Twenty years ago, one of the most cheesy, schmaltzy, overrated sitcoms ever to hit television screened for the first time. It was, of course, a smash hit, a phenomenon, a nightmare.
No, wait. A recurring nightmare, because once TV2 began screening Friends, they never stopped. It's screened night after night, year after year and now, decade after decade. Endless. Relentless. Monotonous. Could it be on TV any more? Hey, TV2 can we have a break?
No, it seems not.
As a long-time resident of the world of free television, I've had no escape from the six chirpy, annoying New Yorkers who are Friends (TV2, 6.30pm Monday-Friday). Guys and gals with their no real problems, their blazing white teeth and their generation-defining haircuts.
So many memories. So much to dislike. Where to start? The monkey? The ducks? The fat suit? The cloyingly titled coffee hangout Central Perk? The dripping sentimentality? The oh-please-make-it-stop cheeriness of the theme tune? Phoebe warbling Smelly Cat over and over? Any episode revolving around Phoebe? Phoebe?
At this point in my life I've known these friends much longer than I've known many real friends - I've seen them more too. A constant in the chaos of reality. With various people in various houses in various countries I've watched these six squares break up, make up and make out with each other. An incestuous little group - even more so considering a third of this cosy crew are siblings. Maybe Jamie Whyte's a fan?
Even back in Friends' heady 90s heyday its driving plot device of Ross and Rachel's will they/won't they? affair played out. Now doomed to drag out for eternity.
They're together! Yay! They're broken up! Oh no! They're together! Yay! They're broken up! Oh no!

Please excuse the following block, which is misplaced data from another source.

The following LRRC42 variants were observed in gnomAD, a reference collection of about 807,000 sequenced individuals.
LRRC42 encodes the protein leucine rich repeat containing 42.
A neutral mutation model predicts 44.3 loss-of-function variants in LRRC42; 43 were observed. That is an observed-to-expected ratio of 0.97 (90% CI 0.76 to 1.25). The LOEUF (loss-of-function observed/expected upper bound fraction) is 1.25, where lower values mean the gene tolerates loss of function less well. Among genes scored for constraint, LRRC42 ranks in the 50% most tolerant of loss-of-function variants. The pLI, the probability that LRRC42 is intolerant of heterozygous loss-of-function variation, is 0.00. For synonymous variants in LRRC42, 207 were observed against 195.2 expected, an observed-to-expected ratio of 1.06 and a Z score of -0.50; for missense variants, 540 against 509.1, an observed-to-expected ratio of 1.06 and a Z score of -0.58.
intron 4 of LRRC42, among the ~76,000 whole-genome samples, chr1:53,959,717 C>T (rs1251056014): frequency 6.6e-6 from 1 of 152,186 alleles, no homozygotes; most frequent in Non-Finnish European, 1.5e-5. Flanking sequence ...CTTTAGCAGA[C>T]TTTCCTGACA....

For 10 plodding years these two carried on like a couple of 13-year-olds. A real friend would have sat Ross down and said, "Dude, seriously. You're a professor of dinosaurs or whatever. Sort your shiz out already."
But not one of his friends did. Bunch of enablers. Joey, the freeloading ultradoosh, Chandler, snarky but awww sooo sad, Monica, finickity and constantly nagging, Rachel all hair and bland, and Phoebe, the kind of person you'd do whatever necessary to avoid. Can you actually imagine spending any time with these people?
I can. Because I have. For 20 years. My gawd. How the time drags. So much hilaaaaarity: Joey with a turkey stuck on his head, Phoebe pregnant, carrying her brother's twins, rain falling against the window while a weeping Rachel listens to U2. Well, I suppose listening to U2 is enough to bring anyone to tears.
I know this is the equivalent of hating on Happy Days, a similar show that defined a generation. But Friends just never clicked with me. It could be that I'm just too much of a lone wolf to relate to a group of people that live in each other's pockets. It could be that I think they're a bunch of flippin' nerds. But it's more likely that I'm just not its target market and it simply wasn't made to appeal to me.
At its core, Friends is a soap opera with a laugh track or a cheesy rom-com stretched thin over 236 episodes. "I'll be there for you," they promised 20 years ago. They have been. Whether I wanted them to be there or not.